TV column for Saturday, Nov. 5


TONIGHT'S MUST-SEE: “How the Grinch
Stole Christmas,” 8 p.m., TBS.

No, your calendar isn't wrong. There
still are 50 days until Christmas, but cable gives us two holiday
specials – a new miniseries on Hallmark and this classic on TBS.

Back in 1966, forces linked perfectly.
Dr. Seuss' “Grinch” tale had humor and heart; co-director Chuck
Jones adding visual flair. Boris Karloff narrated; Thurl Ravenscroft
and June Foray (the voices of Tony the Tiger and Rocky Squirrel)
added the song and the voice of Cindy Lou Who. It's a masterpiece.

TONIGHT'S MIGHT-SEE: “Saturday Night
Live, 11:29 p.m., NBC.

After three weeks of reruns, the show
is back to new episodes for the “sweeps” ratings period.

That includes the first hosting gig for
Charlie Day (“Horrible Bosses” and “It's Always Sunny in
Philadelphia”) tonight and the second for Emma Stone, next week.
Tonight's music guest is Maroon 5.

TONIGHT'S ALTERNATIVE: The Pastor's
Wife, 8 p.m., Lifetime.

Back in 2006, the quiet wife of a
clergyman in small-town Tennessee killed her husband with a shotgun,
then drove away with their daughters. She was soon arrested in
Alabama.

It's a strange story, beautifully told
here. Canadian director Norma Bailey offers a sharp, distinctive
style and Rose McGowan is superb in the title role.

Other choices include:

– “The Roy Rogers Show” (noon)
and “Roy Rogers' 100th Birthday” (8:30-9:30 p.m.),
RFD-TV. This channel – via satellite and some cable systems –
celebrates what would have been the 100th birthday of the
cowboy king. There's a regular rerun at noon and a special from
Rogers' old California ranch – with interviews, plus music by his
son and grandson – at 8:30.

– Football, 8 p.m., CBS. The two
top-rated teams collide, as Louisiana State visits Alabama. And the
No. 3 team? Oklahoma State hosts Kansas State on ABC or ESPN2, on a
busy football day.

– “Harry's Law” and “Prime
Suspect,” 8 and 9 p.m., NBC. You have to treat these hours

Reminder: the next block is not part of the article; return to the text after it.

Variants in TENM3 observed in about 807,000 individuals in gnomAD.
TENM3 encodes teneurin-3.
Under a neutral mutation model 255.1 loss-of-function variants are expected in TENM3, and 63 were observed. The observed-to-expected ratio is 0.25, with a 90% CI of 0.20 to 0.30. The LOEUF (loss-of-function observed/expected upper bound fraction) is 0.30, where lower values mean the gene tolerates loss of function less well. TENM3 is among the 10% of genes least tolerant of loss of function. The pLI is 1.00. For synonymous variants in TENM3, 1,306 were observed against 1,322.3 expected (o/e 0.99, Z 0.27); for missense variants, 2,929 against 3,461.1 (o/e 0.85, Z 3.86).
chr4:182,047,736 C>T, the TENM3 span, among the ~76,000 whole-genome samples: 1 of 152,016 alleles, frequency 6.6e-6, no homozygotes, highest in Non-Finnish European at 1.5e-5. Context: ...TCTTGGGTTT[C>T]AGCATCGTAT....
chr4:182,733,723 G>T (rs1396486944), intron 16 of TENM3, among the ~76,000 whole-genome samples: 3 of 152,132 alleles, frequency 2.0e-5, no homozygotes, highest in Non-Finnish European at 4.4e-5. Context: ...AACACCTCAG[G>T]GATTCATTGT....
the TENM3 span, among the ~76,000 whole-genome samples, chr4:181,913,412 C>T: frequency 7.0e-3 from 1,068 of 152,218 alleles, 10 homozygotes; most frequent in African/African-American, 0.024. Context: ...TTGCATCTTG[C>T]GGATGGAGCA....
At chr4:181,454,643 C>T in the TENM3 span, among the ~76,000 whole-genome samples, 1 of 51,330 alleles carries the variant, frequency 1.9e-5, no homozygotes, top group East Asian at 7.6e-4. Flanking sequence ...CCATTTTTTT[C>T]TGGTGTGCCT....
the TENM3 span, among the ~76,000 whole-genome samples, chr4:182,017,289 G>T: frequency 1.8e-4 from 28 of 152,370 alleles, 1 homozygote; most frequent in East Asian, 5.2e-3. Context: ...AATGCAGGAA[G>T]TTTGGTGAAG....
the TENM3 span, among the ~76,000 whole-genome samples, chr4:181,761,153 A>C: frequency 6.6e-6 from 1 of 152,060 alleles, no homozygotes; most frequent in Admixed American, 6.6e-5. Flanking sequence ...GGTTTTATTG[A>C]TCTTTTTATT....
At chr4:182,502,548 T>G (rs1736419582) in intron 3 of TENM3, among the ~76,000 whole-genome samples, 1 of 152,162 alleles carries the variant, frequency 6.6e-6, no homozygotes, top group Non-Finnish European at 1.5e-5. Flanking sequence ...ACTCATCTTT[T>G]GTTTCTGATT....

cautiously: Last week, in a late change, NBC switched both of its
shows. So tonight's reruns MIGHT involve a return of Harriet's fierce
nemesis (Jean Smart) at 8 and a maybe-deadly prostitute at 9.

– More movies, 8 p.m. This is a night
for beautifully made movies, sweet (“Beauty and the Beast,” 1991,
on ABC Family) or brutal (Daniel Day-Lewis' Oscar-winning work in
“There Will Be Blood,” 2007, on AMC). Also, Turner Classic Movies
has James Dean's “East of Eden” (1955).

– “Love's Christmas Journey,” 8
p.m. to midnight, Hallmark. After success with movies from Janette
Oke's frontier novels, Hallmark tries a mini-series. After the death
of her husband and daughter, Ellie visits her brother. Natalie Hall
(“All My Children”) stars, with Sean Astin, JoBeth Williams and
more.

– “The Wizard of Oz” (1939), 8:30
p.m., TBS. Here's another great movie; your VCR could be busy.

– “Terra Nova,” 9 p.m., Fox. A
flock of dinosaur birds endangers the community in this rerun. Also,
Elisabeth learns a former love interest may be responsible for
bringing her and her family here.

– “Law & Order: Special Victims
Unit,” 10 p.m., NBC. A young mother says her car was stolen with
the baby inside. When stories don't add up, police dig in..

TV column for Friday, Nov. 4


TONIGHT'S MUST-SEE: “Chuck,” 8
p.m., NBC.

The scheme seemed solid: Chuck started
a security firm, with his wife Sarah and John Casey (both former CIA
superspies) and his friend Morgan, whose mind has “The Intersect,”
full of CIA secrets.

Now the complications begin: Morgan
likes being a star; Chuck doesn't like being a mere handler. There's
a fierce new competitor (Carrie-Anne Moss of the “Matrix” movies)
and an impressive spokesman for the Buy More store. Add a
missing-person tale and you have a wildly fun adventure.

TONIGHT'S MIGHT-SEE: “Give Me the
Banjo,” 9 p.m., PBS (check local listings).

For a modest instrument with an
unassuming sound, the banjo has ranged far. It has been the backwoods
sound of Appalachia and the Beverly Hillbillies … the buoyant sound
of Southern blacks … the folksy sound of Pete Seeger … the hip
sound of Steve Martin and Jerry Garcia.

We meet all of them – plus Bela
Fleck, Tony Trischka and more. They're tied together in this special,
with rich history and great, turbo-paced music.

TONIGHT'S ALTERNATIVE: “Boss,” 10
p.m., Starz.

It's already clear that Kelsey Grammer
is playing one of TV's great characters. Mayor Tom Kane is brilliant
and bullying, powerful and secretly crumbling from a debilitating
disease.

Now we see how fierce he can be, as he
lashes out (recklessly, perhaps) at people and eliminates obstacles.
We also see the shattered relationship with his wife and daughter.
It's a compelling hour.

Other choices include:

– “Extreme Makeover: Home Edition,”
8-10 p.m., ABC. Returning home from Iraq, Allen Hill faced post
traumatic stress disorder. That's triggered by many of the things
near his Kansas home, including a train station and a quarry that
uses dynamite. The team works to build a stress-free home.

– “A Gifted Man,” 8 p.m., CBS. In
a change, CBS plans to play all of the episodes tonight that it had
originally scheduled for last Friday. That starts here: Working at
the clinic, Michael spots the former football star he treated at his